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Holy Tradition from, Order of Creation/Order of Redemption

Holy Tradition

from Order of Creation/Order of Redemption
by Michael Azkoul, publ. Orthodox Research Institute, 2007, pp. 9-13.

Republished on our website with permission of the author.

St. Paul commands "in the name of our Lord Jesus Christ" that the Faithful of Thessalonica separate themselves from brethren who do not follow the "tradition" which he, the Apostle, delivered to them. They are to "withdraw themselves" from any "brother" who "walks disorderly" and not after the "tradition" he has transmitted to them. Paul is not the source of the "tradition" (traditio, paradosis). The instructions which he "handed over" to the churches was nothing more than the "teachings" which Christ gave to the Apostles, "Go, therefore, and teach all nations, baptizing them in the name of the Father, and of the Son, and of the Holy Spirit: teaching them to observe whatsoever I have commanded you: and, lo, I am with you always even to the end of the you: and, lo, I am with you always even to the end of the you: and, lo, I am with you always even to the end of the age. Amen(Matt. 28:19-20). In a word, the holy Tradition possessed by the Orthodox Church at this hour originated with the Savior Himself.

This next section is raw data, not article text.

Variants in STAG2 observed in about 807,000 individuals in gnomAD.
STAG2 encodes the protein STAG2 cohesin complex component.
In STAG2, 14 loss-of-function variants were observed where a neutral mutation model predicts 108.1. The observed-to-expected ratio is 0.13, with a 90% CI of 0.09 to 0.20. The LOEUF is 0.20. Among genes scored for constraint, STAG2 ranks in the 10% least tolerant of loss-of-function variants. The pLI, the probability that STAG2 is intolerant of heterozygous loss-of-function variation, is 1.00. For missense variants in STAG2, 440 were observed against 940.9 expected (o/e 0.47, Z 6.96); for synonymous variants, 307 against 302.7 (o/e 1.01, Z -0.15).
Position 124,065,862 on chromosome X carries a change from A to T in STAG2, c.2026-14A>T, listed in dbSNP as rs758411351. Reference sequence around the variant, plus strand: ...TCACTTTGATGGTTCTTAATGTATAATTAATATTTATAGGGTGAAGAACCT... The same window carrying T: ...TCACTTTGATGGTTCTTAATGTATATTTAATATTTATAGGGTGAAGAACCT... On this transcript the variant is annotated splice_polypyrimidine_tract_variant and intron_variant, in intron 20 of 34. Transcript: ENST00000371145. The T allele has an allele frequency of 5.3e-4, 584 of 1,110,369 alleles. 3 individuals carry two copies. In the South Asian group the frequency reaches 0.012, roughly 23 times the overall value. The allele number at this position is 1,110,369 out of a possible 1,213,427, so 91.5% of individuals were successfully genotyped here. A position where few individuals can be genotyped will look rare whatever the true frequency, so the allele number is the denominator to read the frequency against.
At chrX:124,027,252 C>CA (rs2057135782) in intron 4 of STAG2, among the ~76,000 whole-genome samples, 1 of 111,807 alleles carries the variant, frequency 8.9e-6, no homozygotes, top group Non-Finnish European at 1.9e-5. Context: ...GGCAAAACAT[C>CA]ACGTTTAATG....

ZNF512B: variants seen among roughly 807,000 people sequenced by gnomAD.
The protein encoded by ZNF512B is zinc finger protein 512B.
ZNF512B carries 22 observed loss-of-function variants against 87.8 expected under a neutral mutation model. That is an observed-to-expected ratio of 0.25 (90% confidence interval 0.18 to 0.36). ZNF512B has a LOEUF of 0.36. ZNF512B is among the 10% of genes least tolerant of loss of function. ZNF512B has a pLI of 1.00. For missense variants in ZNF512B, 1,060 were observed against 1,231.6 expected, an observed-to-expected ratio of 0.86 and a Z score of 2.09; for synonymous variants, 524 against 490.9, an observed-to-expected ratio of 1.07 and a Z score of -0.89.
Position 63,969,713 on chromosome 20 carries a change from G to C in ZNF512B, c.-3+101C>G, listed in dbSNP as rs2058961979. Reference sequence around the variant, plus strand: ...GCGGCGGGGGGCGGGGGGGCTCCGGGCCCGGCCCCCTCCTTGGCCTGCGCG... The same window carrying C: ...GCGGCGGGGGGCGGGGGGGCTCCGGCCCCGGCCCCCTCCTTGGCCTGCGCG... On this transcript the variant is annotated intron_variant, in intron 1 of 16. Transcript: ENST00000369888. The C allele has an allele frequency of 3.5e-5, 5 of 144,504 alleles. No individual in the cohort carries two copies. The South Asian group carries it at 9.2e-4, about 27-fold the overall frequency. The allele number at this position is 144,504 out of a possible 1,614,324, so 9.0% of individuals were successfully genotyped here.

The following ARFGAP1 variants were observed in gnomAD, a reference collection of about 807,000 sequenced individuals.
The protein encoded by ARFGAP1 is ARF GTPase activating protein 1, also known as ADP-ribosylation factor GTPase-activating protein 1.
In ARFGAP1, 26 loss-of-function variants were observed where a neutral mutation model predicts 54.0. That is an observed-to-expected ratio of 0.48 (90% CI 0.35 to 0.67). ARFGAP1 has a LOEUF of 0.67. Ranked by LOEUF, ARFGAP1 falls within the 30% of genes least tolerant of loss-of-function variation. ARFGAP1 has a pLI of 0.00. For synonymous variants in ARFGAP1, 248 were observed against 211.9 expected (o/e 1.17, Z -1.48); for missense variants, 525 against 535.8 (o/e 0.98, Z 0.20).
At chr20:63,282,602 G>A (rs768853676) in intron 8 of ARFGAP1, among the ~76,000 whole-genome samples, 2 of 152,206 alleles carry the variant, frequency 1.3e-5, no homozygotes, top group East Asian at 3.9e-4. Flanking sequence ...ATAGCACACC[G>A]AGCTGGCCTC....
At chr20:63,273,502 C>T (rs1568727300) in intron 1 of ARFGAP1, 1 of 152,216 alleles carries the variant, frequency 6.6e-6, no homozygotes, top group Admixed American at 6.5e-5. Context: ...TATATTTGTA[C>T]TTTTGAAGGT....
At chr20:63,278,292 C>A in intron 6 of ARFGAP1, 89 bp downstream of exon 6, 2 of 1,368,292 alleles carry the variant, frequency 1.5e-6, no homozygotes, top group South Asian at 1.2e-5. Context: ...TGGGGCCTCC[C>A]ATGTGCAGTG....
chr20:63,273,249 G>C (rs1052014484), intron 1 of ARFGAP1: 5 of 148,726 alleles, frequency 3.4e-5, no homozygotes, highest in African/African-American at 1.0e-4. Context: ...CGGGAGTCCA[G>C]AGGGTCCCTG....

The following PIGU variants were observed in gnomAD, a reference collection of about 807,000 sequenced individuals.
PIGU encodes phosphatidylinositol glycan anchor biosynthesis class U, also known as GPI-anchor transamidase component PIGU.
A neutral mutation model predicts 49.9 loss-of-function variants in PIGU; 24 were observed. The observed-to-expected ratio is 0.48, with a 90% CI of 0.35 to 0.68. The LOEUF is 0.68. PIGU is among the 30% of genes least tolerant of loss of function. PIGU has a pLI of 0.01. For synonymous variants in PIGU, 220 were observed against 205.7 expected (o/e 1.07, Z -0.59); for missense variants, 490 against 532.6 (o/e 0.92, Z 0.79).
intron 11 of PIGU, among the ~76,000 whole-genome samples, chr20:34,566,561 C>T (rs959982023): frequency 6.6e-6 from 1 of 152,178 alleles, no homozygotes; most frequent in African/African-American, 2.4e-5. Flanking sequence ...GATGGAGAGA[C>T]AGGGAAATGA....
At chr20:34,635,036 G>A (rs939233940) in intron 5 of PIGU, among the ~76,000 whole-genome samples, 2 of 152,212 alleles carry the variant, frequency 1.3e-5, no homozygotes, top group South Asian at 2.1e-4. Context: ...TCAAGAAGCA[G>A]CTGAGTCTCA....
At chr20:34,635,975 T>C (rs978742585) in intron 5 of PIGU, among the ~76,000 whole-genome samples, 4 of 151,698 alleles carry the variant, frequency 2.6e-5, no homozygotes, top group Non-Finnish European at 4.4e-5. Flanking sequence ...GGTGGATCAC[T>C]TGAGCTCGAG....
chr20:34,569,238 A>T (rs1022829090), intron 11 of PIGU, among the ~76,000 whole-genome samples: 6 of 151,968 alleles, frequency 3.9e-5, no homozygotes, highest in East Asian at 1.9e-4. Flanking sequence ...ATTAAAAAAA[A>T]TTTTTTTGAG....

Tradition is “handing over” or “delivering the revealed truth to the Church through the Apostles, those men whom He empowered to teach His theological and ethical doctrine. Tradition contains everything necessary for salvation — about the Trinity (theology), the Creation (cosmology), man and the Fall (anthropology), Old Israel, the Incarnation, the Church and her Mysteries (ecclesiology), the Theotokos (mariology), the Last Things (eschatology), etc. Tradition is not only what is "delivered" but also the means or method by which what the Church transfers Her Faith from one generation to the next. The means of delivery are: the Scriptures, the writings of the Fathers, the rites of the Church, the canonical and doctrinal decisions of the Ecumenical Councils, the liturgies, the icons, music, sacred customs, even the lives of the Saints.